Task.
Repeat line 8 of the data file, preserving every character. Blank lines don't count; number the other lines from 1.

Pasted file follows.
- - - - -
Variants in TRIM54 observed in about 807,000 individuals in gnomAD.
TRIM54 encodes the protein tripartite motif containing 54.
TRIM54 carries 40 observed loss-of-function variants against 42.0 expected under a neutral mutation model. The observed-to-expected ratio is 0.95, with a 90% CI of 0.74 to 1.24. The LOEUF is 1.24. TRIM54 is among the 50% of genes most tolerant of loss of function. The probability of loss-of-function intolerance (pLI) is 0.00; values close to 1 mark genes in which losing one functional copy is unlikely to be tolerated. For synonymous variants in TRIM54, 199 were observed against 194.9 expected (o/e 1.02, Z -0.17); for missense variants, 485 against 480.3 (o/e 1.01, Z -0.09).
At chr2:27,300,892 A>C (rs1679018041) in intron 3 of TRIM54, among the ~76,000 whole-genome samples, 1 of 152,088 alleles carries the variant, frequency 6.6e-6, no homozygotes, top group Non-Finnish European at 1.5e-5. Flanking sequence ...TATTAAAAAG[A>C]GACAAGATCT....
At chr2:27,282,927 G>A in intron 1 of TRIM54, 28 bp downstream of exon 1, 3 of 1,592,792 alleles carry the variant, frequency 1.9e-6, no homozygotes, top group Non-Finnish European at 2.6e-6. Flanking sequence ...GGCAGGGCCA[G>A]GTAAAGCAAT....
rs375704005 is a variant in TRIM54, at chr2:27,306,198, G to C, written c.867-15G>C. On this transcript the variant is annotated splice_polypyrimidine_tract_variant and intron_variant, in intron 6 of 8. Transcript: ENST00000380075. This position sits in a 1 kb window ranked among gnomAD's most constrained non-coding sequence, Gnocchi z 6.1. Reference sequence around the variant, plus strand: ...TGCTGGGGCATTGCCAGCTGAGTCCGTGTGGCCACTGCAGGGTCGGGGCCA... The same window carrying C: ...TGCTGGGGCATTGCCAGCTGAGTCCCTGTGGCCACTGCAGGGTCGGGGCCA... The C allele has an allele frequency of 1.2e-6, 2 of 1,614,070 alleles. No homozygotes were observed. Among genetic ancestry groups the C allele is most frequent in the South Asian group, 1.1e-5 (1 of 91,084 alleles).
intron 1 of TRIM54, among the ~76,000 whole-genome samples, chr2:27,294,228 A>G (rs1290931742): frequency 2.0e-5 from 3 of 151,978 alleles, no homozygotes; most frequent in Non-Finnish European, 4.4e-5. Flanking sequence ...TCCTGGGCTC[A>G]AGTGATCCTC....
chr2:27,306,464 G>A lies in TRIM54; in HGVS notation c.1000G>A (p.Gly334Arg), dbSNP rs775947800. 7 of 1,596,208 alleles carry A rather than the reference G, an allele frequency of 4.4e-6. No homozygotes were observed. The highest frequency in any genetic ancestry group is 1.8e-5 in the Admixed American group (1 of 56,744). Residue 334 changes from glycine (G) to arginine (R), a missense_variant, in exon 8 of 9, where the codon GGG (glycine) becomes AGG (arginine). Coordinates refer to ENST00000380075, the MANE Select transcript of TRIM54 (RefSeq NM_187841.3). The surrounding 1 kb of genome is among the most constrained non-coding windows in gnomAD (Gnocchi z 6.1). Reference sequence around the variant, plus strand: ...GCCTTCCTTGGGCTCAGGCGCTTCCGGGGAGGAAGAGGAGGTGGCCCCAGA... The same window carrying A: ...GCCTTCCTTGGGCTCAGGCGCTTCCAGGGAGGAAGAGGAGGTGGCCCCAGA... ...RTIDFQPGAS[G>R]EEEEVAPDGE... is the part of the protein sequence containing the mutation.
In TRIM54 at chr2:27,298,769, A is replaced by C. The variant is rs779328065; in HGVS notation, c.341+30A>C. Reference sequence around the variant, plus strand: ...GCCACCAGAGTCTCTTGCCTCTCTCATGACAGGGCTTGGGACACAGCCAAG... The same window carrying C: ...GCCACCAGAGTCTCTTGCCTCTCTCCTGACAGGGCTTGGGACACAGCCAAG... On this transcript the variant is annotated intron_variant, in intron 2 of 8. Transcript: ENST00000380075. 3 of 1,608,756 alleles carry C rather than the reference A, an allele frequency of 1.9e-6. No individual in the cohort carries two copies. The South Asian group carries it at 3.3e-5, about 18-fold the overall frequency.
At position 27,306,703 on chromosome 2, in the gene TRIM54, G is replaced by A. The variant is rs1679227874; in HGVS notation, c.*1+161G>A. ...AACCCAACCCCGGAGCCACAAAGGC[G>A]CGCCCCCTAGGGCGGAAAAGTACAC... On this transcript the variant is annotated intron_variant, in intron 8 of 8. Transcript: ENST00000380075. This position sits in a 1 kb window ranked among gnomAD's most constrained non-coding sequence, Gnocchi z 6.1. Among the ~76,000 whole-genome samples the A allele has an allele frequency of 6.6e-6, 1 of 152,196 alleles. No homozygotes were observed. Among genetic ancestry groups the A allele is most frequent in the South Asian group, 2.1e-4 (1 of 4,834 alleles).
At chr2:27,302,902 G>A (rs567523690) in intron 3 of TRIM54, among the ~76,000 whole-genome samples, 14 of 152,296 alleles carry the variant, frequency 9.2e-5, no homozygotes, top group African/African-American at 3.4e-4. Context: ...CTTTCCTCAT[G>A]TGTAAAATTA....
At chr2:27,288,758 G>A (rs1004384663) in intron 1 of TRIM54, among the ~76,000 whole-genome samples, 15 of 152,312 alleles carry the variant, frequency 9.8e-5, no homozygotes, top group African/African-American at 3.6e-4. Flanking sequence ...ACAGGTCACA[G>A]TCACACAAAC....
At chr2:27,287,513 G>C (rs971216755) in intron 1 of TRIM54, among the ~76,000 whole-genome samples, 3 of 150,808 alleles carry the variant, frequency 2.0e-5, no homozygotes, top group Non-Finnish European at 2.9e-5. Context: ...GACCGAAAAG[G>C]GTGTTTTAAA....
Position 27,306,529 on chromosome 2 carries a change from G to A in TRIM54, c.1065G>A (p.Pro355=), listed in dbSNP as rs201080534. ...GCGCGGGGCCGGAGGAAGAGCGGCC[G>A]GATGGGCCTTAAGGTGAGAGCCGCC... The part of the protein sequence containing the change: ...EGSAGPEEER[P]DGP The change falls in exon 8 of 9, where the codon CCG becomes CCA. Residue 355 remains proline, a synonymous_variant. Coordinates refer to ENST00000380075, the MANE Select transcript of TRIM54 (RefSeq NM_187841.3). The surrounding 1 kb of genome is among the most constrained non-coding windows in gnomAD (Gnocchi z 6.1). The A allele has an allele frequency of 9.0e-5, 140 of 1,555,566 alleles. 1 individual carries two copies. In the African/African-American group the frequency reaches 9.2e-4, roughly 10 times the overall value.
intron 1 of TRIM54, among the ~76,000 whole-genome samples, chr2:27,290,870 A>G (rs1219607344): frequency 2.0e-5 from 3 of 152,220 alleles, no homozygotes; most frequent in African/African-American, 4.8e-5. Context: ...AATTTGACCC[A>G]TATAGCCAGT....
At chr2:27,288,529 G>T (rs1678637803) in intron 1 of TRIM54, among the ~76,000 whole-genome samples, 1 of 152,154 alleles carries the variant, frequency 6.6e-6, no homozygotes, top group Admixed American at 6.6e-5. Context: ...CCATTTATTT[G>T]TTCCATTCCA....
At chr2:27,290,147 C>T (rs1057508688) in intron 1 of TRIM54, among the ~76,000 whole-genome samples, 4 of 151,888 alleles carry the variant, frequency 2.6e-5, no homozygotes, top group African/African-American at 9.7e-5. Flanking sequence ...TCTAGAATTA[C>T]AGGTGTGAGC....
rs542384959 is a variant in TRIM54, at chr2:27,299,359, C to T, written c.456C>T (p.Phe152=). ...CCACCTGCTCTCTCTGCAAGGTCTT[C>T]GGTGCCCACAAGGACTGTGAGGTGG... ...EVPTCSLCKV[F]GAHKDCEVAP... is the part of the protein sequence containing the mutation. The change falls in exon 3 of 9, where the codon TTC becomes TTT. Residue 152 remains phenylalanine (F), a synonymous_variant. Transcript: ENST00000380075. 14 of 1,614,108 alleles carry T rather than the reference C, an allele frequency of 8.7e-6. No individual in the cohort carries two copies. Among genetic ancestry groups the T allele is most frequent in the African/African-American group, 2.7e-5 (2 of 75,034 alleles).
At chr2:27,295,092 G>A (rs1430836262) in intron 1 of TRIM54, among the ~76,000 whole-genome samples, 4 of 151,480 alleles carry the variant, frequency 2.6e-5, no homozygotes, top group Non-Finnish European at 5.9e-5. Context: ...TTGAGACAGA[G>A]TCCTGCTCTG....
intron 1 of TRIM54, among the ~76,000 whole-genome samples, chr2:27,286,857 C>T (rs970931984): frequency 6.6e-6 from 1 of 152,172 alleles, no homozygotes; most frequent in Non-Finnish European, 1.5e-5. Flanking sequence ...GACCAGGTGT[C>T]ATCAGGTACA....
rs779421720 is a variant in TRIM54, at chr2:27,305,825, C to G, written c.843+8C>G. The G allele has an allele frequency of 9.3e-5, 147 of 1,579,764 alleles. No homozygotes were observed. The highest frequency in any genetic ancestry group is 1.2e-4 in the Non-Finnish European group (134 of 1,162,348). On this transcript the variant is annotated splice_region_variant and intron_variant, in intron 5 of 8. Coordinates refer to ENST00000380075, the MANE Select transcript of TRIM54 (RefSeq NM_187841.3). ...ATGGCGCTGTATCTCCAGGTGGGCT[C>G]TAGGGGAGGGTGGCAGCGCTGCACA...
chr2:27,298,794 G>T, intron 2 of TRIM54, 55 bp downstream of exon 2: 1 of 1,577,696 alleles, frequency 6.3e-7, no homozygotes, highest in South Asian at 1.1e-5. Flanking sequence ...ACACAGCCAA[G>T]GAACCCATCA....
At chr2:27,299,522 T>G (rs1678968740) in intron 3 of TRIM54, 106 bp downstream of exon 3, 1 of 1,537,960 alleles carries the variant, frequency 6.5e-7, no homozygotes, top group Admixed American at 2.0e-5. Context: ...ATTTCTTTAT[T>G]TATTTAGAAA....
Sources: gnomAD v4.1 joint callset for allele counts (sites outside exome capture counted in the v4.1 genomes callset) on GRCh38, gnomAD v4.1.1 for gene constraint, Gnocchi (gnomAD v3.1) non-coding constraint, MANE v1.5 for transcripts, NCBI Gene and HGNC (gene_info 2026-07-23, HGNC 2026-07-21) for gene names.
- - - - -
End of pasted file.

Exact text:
chr2:27,306,464 G>A lies in TRIM54; in HGVS notation c.1000G>A (p.Gly334Arg), dbSNP rs775947800. 7 of 1,596,208 alleles carry A rather than the reference G, an allele frequency of 4.4e-6. No homozygotes were observed. The highest frequency in any genetic ancestry group is 1.8e-5 in the Admixed American group (1 of 56,744). Residue 334 changes from glycine (G) to arginine (R), a missense_variant, in exon 8 of 9, where the codon GGG (glycine) becomes AGG (arginine). Coordinates refer to ENST00000380075, the MANE Select transcript of TRIM54 (RefSeq NM_187841.3). The surrounding 1 kb of genome is among the most constrained non-coding windows in gnomAD (Gnocchi z 6.1). Reference sequence around the variant, plus strand: ...GCCTTCCTTGGGCTCAGGCGCTTCCGGGGAGGAAGAGGAGGTGGCCCCAGA... The same window carrying A: ...GCCTTCCTTGGGCTCAGGCGCTTCCAGGGAGGAAGAGGAGGTGGCCCCAGA... ...RTIDFQPGAS[G>R]EEEEVAPDGE... is the part of the protein sequence containing the mutation.